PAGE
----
On February 22nd, the Israeli Arrow anti-missile missile system underwent another successful test at a west coast missile testing facility (Point Mugu in California). The target missile was fired from a floating launcher off the coast. The test included use of a Green Pine radar as well as a Block 4 Arrow 2 missile.
Last year, the United States agreed to continue sharing the expense of developing the Israeli Arrow anti-missile missile system. This includes contributing over a hundred million dollars for work on the Arrow 3. More than half the nearly three billion dollar cost of developing and building Arrow has come from the United States. In addition, American firms have done some of the development work, or contributed technology.
The U.S. has also provided Israel with a mobile X-band radar that enables it to detect incoming ballistic missiles farther away. Currently, the Israeli Green Pine radar can only detect a ballistic missile fired from Iran when the missile warhead is about two minutes from hitting a target in Israel. The X-band radar allows the Iranian missile to be spotted when it is 5-6 minutes away, enabling the Israeli Arrow anti-missile missile to hit the Iranian warhead farther away and with greater certainty. The Arrow 3 is expected to need something like the X-band radar, to take advantage of the longer missile range. The Arrow 3 could also use satellite or UAV warnings of distant ballistic missile launches. Arrow 3 weighs about half as much as Arrow 2 and costs about a third less. First tests of Arrow 3 are to take place this year.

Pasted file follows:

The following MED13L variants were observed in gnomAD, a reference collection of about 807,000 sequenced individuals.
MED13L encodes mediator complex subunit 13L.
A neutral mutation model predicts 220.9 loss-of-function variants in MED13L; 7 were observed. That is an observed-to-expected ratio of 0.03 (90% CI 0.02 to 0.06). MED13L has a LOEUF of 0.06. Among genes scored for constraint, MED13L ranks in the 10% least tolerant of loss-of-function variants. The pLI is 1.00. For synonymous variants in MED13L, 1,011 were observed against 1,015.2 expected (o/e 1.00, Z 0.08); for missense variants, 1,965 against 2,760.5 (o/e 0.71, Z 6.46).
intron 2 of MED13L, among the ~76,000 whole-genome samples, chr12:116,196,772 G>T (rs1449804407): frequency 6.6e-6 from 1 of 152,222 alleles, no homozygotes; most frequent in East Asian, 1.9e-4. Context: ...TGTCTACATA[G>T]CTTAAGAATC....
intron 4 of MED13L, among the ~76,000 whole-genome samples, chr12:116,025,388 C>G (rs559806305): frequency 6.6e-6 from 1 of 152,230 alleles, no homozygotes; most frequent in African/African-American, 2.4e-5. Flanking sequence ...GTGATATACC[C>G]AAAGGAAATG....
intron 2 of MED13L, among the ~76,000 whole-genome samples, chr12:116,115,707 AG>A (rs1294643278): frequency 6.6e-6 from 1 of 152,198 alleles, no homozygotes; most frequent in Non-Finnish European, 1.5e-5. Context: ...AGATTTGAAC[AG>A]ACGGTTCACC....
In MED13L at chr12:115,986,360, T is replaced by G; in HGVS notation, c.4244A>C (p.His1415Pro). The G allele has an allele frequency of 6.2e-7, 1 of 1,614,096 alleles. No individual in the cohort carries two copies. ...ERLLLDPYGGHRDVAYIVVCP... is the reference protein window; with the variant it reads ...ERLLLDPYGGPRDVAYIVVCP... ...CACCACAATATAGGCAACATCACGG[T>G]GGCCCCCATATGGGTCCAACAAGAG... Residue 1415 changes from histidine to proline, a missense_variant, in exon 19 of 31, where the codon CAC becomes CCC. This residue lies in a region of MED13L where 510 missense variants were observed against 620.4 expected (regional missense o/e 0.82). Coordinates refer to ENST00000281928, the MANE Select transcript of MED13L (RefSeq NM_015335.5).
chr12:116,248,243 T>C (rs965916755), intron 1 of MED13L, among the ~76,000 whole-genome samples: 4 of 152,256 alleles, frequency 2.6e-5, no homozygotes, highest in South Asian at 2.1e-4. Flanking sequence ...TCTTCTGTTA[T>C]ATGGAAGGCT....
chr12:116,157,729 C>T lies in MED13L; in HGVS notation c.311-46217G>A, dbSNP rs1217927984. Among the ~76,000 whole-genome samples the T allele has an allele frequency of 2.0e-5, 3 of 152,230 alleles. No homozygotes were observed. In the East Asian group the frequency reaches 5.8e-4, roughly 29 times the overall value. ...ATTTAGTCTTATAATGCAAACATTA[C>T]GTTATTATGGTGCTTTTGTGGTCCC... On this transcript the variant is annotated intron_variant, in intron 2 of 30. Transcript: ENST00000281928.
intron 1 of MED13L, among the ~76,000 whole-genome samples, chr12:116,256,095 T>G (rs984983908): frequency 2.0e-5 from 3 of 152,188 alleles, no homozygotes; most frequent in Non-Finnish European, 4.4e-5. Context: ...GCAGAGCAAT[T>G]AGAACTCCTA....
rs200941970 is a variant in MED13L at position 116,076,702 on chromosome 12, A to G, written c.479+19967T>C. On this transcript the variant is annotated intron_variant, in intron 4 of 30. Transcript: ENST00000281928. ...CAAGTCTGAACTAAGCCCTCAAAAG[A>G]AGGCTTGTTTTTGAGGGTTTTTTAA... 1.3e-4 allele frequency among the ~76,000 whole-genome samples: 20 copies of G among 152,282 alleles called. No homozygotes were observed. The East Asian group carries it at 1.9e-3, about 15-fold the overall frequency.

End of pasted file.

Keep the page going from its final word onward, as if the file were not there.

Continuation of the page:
Last year, Israel began increasing the production of its Arrow anti-missile missiles. Costing over three million dollars each, and partly constructed in the United States (by Boeing), the Arrow missiles are Israel's principal defense against Syrian and Iranian ballistic missiles. Since Arrow entered service ten years ago, only about 120 missiles have been built. Currently, Israel has about a hundred Arrows available, and would like to increase that to 150 or 200 in the next few years.
Israel has two batteries of Arrow, each one has 4-8 launchers, and each launcher carries a six missiles in containers. The Arrow was developed to knock down Scud type missiles fired from Syria, Saudi Arabia or Iraq. The two ton Arrow 1 is being replaced with the 1.3 ton Arrow 2, which can shoot down longer range ballistic missiles fired from Iran. Israel is currently developing and testing an upgraded Arrow 2, which can take down longer range Iranian missiles. The even more effective Arrow 3 is not expected to be ready for use for at least three years. Israel is also looking into buying a land based version of the American Aegis anti-missile missile, which has a longer range than Arrow 2.